Final Report


What happened

On the evening of 19 February 2016, an Airbus A320 aircraft, registered PK-AXY and operated by PT Indonesia AirAsia was on a scheduled passenger service from Denpasar, Indonesia to Perth, Australia. During cruise, the captain’s flight management and guidance computer (FMGC1) failed. Due to the failure, the flight crew elected to use the first officer’s duplicate systems. For the aircraft’s arrival in Perth there was moderate to severe turbulence forecast below 3,000 ft with reports of windshear. The crew commenced an instrument landing system (ILS) approach to runway 21.

During the approach, the flight crew made a number of flight mode changes and autopilot selections, normal for an ILS approach with all aircraft operating systems available. However, some of those flight modes and autopilot selections relied on data from the failed FMGC1 and the autothrust system commanded increased engine thrust. The crew did not expect this engine response and elected to conduct a go-around. With an increasing crosswind on runway 21, the crew accepted a change of runway, to conduct a non-precision instrument approach to runway 06.

With the time available, the first officer programmed the new approach into his FMGC and conducted the approach briefing. During this period, the captain hand flew the aircraft and manually controlled the thrust. During the approach to runway 06, the crew descended the aircraft earlier than normal, but believed that they were on the correct flight path profile.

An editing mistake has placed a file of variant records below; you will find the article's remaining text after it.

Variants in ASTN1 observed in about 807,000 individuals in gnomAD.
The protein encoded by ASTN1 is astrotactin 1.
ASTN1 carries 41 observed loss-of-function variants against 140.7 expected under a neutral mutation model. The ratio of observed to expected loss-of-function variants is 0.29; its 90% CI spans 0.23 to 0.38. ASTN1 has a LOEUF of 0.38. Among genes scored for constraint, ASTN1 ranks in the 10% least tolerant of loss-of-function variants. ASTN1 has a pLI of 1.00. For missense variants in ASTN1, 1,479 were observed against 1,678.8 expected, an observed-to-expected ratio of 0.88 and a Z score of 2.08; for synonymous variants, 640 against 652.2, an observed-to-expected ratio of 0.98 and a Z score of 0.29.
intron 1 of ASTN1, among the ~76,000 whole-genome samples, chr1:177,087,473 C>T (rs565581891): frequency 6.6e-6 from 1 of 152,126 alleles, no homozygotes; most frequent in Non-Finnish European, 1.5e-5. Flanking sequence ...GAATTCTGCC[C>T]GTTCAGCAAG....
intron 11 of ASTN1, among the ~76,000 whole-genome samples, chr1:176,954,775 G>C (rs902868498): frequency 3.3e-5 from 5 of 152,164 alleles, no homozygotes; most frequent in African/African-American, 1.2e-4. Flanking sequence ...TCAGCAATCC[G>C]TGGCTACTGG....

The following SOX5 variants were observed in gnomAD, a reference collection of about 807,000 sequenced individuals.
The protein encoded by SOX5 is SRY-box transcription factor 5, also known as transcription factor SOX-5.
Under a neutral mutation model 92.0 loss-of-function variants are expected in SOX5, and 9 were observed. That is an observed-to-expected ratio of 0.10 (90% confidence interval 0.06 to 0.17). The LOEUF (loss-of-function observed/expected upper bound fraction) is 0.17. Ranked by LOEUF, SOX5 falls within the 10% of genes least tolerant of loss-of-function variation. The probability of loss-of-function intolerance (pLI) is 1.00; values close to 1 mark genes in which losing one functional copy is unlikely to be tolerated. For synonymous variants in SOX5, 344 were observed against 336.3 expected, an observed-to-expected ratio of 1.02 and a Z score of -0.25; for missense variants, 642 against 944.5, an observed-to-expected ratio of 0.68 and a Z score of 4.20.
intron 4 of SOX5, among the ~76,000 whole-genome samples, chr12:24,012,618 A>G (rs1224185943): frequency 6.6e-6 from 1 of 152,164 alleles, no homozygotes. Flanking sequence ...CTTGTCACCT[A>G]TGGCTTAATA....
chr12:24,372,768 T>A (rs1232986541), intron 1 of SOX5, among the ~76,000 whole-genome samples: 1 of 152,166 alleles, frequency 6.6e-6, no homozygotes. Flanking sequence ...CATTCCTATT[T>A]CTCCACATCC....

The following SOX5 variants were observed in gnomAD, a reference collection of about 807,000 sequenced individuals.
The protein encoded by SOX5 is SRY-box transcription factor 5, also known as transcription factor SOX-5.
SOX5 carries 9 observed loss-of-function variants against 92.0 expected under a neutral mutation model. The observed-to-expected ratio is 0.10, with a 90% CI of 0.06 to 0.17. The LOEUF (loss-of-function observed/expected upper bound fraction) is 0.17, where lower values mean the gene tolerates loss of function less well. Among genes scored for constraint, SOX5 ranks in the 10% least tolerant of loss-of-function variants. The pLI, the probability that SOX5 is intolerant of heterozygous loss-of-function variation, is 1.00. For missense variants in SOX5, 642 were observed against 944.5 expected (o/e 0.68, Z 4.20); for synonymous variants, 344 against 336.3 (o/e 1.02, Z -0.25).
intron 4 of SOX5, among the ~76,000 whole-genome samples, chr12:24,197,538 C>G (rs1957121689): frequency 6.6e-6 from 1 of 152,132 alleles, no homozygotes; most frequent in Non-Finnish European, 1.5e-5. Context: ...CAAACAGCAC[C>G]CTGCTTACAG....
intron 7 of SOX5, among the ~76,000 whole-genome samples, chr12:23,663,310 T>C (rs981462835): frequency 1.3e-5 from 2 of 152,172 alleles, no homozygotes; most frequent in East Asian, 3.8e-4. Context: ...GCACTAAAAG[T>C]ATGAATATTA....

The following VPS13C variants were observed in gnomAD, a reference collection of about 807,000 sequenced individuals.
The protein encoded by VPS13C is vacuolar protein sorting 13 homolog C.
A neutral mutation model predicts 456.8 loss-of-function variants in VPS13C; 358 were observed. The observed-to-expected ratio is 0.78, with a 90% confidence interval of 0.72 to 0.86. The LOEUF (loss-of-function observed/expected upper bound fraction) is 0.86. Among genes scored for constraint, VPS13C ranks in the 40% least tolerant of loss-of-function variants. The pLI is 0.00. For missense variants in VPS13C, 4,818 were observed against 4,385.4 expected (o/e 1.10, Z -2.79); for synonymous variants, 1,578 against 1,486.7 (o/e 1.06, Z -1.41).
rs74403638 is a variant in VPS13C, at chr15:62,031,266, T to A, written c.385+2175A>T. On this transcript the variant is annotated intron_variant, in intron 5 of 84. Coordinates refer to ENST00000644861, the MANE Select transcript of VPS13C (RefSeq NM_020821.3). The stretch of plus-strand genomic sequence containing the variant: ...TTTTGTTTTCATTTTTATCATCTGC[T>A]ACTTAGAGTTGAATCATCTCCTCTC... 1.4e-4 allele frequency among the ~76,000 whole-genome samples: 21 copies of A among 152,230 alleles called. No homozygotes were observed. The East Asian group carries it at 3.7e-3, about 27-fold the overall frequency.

While descending, both flight crew became concerned that they could not visually identify the runway, and focused their attention outside the aircraft. At about that time, the approach controller received a “below minimum safe altitude” warning for the aircraft. The controller alerted the crew of their low altitude and instructed them to conduct a go-around. The crew then conducted another approach to runway 06 and landed.

What the ATSB found

The ATSB identified that the flight crew were unsuccessful in resolving the failure of the FMGC and had a limited understanding of how the failure affected the aircraft’s automation during the ILS approach. This resulted in the unexpected increase in engine thrust, which prompted a go-around.

The flight crew had a significant increase in workload due to the unresolved system failures, the conduct of a go-around and subsequent runway change. This, combined with the crew’s unfamiliarity and preparation for the runway 06 instrument approach, meant they did not effectively manage the descent during that approach.

The flight crew’s focus of attention outside the aircraft distracted them during a critical stage of flight. The crew did not detect that they had descended the aircraft below the specified segment minimum safe altitude.

The flight crew commenced their descent for the second runway 06 instrument approach later than normal, initially necessitating an increased rate of descent and at 300 ft the engine thrust reduced briefly to idle.

Safety message

Handling of approach to land is one of the ATSB’s SafetyWatch priorities. Unexpected events during the approach and landing can substantially increase what is often a high workload period. Adherence to standard operating procedures and correctly monitoring the aircraft and approach parameters provides assurance that the instrument approach can be safely completed. A go-around should be immediately carried out if the approach becomes unstable or the landing runway cannot be identified from the minimum descent altitude or missed approach point.

The occurrence


Safety analysis


Safety issues and actions

Sources and submissions